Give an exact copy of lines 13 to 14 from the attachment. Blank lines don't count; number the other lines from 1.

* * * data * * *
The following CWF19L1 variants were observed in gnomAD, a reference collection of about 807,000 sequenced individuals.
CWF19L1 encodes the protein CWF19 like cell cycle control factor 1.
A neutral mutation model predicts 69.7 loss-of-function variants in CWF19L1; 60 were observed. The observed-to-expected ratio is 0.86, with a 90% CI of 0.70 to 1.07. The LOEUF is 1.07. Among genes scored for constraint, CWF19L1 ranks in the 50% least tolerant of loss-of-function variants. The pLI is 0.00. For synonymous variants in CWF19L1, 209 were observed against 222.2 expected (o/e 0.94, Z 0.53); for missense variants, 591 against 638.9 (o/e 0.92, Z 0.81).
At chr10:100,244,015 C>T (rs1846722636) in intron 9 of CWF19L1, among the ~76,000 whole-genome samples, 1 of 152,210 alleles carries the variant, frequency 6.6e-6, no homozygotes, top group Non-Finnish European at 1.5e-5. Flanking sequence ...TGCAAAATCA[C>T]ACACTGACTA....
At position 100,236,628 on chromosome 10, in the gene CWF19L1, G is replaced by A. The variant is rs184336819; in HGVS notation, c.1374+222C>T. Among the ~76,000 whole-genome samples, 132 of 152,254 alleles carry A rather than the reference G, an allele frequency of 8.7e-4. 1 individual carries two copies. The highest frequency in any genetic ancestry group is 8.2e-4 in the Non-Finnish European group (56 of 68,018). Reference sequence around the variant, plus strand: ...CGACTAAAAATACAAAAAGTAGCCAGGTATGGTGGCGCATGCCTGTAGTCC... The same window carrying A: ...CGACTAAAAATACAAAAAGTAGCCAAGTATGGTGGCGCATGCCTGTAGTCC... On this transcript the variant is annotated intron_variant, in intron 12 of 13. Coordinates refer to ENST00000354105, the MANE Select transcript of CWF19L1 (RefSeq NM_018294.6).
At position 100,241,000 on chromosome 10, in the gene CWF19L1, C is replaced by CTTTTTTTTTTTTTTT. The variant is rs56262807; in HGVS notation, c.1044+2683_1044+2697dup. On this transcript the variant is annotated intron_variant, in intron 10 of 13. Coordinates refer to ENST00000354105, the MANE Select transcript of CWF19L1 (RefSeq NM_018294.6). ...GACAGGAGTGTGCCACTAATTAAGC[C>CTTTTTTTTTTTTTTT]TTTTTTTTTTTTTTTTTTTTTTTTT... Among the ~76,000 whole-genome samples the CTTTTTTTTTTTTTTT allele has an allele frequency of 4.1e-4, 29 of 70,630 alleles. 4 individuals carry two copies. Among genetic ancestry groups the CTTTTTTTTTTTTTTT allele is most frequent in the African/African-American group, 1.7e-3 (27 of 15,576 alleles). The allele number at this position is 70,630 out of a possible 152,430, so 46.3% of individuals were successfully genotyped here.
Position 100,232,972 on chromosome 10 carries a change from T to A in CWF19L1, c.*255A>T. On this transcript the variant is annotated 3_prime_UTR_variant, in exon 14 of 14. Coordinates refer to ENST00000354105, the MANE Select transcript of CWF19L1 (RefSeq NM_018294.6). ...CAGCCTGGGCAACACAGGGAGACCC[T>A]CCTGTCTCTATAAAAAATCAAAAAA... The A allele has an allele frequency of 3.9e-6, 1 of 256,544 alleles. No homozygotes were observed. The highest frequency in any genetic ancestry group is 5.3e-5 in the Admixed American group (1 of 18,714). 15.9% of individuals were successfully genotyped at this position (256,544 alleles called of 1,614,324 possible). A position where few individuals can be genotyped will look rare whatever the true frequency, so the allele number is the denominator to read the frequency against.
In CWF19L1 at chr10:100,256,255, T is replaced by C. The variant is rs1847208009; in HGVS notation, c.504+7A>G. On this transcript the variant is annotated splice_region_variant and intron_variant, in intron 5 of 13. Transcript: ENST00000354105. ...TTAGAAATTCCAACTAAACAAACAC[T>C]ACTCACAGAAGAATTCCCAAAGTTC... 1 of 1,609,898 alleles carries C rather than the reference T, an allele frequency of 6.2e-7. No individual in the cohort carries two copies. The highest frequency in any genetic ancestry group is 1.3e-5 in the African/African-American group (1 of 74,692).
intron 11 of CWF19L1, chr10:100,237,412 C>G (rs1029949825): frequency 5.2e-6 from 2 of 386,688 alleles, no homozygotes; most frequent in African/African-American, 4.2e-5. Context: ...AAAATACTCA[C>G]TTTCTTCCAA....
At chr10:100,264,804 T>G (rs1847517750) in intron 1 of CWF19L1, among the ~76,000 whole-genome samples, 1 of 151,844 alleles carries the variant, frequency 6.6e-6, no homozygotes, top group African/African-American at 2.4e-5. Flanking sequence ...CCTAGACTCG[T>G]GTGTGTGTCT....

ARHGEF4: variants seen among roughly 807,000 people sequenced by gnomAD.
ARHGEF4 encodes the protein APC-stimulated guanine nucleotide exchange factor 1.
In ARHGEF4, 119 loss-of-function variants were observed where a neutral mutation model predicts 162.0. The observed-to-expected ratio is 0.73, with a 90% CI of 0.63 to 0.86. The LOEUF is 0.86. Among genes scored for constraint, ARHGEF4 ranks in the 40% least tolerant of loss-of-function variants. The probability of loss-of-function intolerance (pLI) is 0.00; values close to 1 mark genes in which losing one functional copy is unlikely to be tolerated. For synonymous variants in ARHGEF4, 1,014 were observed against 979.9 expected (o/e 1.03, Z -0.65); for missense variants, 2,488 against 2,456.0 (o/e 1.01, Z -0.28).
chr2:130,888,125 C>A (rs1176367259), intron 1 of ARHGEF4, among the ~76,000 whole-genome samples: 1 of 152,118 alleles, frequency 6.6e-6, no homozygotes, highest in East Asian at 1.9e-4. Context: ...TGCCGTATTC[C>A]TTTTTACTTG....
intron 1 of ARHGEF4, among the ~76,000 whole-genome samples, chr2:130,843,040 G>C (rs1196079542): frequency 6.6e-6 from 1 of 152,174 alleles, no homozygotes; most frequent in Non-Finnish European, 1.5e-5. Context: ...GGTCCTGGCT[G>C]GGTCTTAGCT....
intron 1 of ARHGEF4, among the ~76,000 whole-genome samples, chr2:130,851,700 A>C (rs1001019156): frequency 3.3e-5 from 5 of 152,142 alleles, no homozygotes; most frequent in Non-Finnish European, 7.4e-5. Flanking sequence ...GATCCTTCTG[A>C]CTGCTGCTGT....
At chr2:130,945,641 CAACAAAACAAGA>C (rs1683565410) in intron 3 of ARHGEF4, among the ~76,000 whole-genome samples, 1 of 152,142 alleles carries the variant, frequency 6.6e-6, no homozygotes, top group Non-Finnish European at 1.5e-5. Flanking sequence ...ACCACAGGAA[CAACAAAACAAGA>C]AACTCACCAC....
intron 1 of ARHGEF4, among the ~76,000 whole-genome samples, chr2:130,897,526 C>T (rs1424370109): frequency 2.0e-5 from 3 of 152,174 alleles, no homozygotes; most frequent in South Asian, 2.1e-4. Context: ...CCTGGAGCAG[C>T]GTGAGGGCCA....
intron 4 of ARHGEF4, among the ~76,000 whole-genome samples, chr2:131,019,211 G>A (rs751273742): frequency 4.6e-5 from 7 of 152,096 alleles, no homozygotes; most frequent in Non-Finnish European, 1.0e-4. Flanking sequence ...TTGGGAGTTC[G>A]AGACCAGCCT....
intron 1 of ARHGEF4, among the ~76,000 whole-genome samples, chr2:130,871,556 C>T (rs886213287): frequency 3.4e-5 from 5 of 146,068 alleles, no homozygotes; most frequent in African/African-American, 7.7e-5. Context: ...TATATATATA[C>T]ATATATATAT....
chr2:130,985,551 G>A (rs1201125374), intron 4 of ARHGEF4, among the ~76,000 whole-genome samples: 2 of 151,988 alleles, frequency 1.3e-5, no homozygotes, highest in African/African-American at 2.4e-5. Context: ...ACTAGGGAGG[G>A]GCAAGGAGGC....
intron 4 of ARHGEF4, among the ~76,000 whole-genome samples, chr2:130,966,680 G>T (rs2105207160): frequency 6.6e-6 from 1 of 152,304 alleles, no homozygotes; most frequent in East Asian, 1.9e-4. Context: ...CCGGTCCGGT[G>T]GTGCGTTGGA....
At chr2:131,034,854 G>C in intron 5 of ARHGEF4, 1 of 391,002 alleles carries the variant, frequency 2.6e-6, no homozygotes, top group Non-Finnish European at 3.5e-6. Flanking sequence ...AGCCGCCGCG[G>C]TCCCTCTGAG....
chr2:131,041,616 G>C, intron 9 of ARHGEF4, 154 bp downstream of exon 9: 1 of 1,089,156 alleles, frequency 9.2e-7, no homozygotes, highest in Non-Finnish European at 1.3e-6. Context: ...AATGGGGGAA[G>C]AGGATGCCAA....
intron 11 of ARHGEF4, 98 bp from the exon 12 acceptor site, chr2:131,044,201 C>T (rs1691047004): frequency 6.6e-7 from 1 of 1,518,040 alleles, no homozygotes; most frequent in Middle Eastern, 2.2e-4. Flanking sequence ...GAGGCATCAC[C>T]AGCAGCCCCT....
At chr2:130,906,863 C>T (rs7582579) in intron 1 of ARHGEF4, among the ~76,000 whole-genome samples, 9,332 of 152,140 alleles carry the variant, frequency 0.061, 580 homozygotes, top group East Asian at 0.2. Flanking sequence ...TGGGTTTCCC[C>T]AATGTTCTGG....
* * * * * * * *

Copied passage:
In ARHGEF4, 119 loss-of-function variants were observed where a neutral mutation model predicts 162.0. The observed-to-expected ratio is 0.73, with a 90% CI of 0.63 to 0.86. The LOEUF is 0.86. Among genes scored for constraint, ARHGEF4 ranks in the 40% least tolerant of loss-of-function variants. The probability of loss-of-function intolerance (pLI) is 0.00; values close to 1 mark genes in which losing one functional copy is unlikely to be tolerated. For synonymous variants in ARHGEF4, 1,014 were observed against 979.9 expected (o/e 1.03, Z -0.65); for missense variants, 2,488 against 2,456.0 (o/e 1.01, Z -0.28).
chr2:130,888,125 C>A (rs1176367259), intron 1 of ARHGEF4, among the ~76,000 whole-genome samples: 1 of 152,118 alleles, frequency 6.6e-6, no homozygotes, highest in East Asian at 1.9e-4. Context: ...TGCCGTATTC[C>A]TTTTTACTTG....